“Tourism to Palestine is gradually getting back to the pre-pandemic numbers as 7,00,000 tourists have visited Palestine since the start of the year,” said Palestinian Authority’s (PA) Minister of Tourism and Antiquities Rula Maayah. She said the reservations for the first quarter of the year 2023 indicate a hotel occupancy rate of more than 85 per cent.
In view of the rebound, the PA Tourism Minister said that four new hotels are going to open in Bethlehem by the middle of January. The foundation stone to build ten hotels in Bethlehem was laid before the pandemic in 2018 and 2019 when it saw a major influx of tourists to the West Bank town.
A general view of the Church of Nativity in Bethlehem in the Israeli-occupied West Bank, December 24, 2022. REUTERS
Jerusalem and Bethlehem are the main destinations for foreign tourists who visit the Holy Land. The Nativity Church in Bethlehem, the birthplace of Jesus Christ, is popular for tourists during the Christmas season, and the Church of the Holy Sepulcher in Jerusalem’s Old City, the location of the crucifixion and burial of Christ, is also popular among tourists during Easter and throughout the year.
The restaurants in the area also came alive with most of them looking fully packed and people having to be accommodated outside. Late in the morning on Sunday as tourists woke up leisurely having attended the midnight mass, the eateries around were back in their festive look.
“Foreign tourists are generous with tips. The last few days have been very rewarding working at the restaurant. It has almost brought me tips worth a few months of my salary,” Khalid, a waiter at a coffee shop close to the Manger square, told PTI.
Shopkeepers also looked quite pleased even though they were still complaining of the setback from the pandemic period. “Business has picked up. It gives a sense of recovery but just keeping fingers crossed that there are no major hiccups on the way. The news of Covid-19 making a return is worrisome,” said Joseph, a shopkeeper owning a gift shop close to the Church of Nativity.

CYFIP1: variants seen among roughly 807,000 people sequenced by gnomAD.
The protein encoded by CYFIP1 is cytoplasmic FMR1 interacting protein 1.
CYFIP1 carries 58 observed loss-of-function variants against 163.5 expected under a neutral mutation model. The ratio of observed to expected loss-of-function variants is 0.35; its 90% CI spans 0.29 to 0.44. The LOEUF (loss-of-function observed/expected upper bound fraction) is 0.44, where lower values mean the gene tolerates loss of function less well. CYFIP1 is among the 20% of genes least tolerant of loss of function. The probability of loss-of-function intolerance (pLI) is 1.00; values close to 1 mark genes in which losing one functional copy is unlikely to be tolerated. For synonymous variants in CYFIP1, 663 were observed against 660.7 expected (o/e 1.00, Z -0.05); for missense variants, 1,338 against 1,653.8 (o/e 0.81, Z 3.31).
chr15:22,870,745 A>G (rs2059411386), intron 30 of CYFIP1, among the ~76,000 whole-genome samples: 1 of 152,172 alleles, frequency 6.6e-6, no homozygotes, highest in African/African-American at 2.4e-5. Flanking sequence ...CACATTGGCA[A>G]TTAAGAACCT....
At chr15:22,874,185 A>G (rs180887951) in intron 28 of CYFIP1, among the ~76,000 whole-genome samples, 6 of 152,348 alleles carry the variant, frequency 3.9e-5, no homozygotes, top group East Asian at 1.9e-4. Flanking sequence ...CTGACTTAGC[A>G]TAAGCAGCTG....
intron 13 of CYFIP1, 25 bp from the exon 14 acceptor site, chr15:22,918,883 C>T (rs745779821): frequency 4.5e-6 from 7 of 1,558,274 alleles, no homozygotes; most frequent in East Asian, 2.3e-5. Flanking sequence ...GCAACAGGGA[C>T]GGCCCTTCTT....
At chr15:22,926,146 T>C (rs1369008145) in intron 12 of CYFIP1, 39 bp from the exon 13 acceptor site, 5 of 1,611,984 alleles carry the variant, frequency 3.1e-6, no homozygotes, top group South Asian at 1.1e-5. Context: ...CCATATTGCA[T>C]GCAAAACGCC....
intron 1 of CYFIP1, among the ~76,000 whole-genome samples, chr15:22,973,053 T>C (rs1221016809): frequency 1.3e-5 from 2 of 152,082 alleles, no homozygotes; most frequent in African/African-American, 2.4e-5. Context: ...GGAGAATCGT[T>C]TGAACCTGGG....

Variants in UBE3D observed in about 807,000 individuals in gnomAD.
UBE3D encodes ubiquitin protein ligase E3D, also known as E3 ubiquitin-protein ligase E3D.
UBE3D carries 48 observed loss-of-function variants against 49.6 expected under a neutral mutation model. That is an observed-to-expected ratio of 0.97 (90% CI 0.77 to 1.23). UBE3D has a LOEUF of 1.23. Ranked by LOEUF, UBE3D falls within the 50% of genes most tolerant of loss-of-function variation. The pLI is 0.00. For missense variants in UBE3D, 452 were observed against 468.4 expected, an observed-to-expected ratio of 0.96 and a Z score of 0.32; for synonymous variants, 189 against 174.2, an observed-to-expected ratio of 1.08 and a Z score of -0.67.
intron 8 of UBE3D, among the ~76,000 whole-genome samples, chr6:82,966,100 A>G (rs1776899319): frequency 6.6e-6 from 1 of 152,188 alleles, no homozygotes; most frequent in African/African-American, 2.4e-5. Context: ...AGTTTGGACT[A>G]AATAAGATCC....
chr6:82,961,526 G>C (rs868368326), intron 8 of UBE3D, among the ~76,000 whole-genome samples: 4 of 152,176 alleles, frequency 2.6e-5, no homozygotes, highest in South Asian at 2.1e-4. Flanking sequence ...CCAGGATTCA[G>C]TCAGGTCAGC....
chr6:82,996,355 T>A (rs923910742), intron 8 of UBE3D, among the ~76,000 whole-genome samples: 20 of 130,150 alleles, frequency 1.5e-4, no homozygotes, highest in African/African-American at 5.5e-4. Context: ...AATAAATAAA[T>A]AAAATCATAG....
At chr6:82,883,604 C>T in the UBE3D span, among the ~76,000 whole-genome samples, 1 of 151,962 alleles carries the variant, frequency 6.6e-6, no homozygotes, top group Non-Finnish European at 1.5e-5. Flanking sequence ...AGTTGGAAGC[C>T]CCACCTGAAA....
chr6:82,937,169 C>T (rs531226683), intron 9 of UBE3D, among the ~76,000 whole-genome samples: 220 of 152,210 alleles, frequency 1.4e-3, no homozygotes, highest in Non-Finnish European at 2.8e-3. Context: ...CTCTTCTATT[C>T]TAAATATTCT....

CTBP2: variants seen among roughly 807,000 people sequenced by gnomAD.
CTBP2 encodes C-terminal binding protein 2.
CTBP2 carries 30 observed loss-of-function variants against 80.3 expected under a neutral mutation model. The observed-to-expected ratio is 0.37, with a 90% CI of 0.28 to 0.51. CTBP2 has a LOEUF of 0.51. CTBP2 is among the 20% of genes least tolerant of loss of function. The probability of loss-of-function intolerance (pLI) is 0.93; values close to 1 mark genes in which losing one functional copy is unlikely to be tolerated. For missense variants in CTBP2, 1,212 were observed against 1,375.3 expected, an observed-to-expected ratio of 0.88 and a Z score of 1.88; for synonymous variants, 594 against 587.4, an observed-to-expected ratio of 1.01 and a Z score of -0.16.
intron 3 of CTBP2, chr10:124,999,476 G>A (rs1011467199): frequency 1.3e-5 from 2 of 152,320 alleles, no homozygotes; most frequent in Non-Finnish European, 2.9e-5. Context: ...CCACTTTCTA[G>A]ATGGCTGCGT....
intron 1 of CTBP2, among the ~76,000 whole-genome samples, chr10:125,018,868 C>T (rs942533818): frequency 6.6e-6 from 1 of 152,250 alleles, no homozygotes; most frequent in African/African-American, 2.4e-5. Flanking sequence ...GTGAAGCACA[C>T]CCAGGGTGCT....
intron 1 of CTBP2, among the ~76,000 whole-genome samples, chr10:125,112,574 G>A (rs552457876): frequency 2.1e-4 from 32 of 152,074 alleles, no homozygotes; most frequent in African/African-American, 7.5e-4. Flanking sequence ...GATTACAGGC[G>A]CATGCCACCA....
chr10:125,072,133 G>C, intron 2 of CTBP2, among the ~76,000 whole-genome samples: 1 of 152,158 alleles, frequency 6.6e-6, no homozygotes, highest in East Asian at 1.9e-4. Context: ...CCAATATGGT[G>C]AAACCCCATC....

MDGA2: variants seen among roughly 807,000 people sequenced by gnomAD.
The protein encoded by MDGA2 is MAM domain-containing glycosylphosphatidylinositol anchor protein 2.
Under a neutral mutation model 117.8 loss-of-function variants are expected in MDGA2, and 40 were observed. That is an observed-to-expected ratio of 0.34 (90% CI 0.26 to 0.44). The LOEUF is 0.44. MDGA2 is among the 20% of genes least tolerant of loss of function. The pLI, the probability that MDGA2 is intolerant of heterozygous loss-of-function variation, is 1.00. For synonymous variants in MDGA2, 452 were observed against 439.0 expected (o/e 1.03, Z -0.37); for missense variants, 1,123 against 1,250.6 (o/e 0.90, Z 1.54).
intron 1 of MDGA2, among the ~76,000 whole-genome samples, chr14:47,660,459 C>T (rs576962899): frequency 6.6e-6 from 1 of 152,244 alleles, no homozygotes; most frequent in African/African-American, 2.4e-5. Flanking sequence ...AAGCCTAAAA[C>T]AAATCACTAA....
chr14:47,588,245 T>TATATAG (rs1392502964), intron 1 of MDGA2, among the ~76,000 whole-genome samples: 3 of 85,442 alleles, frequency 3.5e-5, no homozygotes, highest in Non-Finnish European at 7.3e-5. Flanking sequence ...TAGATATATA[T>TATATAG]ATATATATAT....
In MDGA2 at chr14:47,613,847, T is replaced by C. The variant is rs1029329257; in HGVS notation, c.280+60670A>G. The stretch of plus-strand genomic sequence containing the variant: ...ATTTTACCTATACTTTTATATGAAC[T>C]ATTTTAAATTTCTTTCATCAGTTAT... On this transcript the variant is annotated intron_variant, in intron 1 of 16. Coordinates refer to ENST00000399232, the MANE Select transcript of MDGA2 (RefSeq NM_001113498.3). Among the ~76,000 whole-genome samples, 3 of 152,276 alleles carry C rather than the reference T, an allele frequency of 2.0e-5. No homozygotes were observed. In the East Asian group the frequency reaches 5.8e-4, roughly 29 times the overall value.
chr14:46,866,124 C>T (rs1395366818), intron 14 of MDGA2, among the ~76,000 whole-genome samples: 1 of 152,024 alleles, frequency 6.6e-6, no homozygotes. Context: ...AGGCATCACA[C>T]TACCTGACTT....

Top Roman Catholic clergyman in the Holy Land, Latin Patriarch Pierbattista Pizzaball, on Saturday led a procession from Jerusalem marking the beginning of the celebrations. He covered the last part of the way on foot to the site where Jesus is believed to have been born in Bethlehem. Security was on high alert in Bethlehem as paramilitary, Palestinian police armed with assault rifles patrolled the cobblestone streets.
Israel eased security restrictions and made all possible efforts to make tourists feel safe. The Christmas festivities traditionally bring a boost of holiday cheer to Christians in the Holy Land, whose numbers have shrunk over the decades relative to the general population and now make up just a minority in Jesus’ birthplace.
The city today has a strong Muslim majority of at least 70 per cent, with only 30 per cent Christians. It was once a Christian-dominated city but emigration arising out of a wave of violence and economic hardships has seen its Christian residents moving to several countries across the world.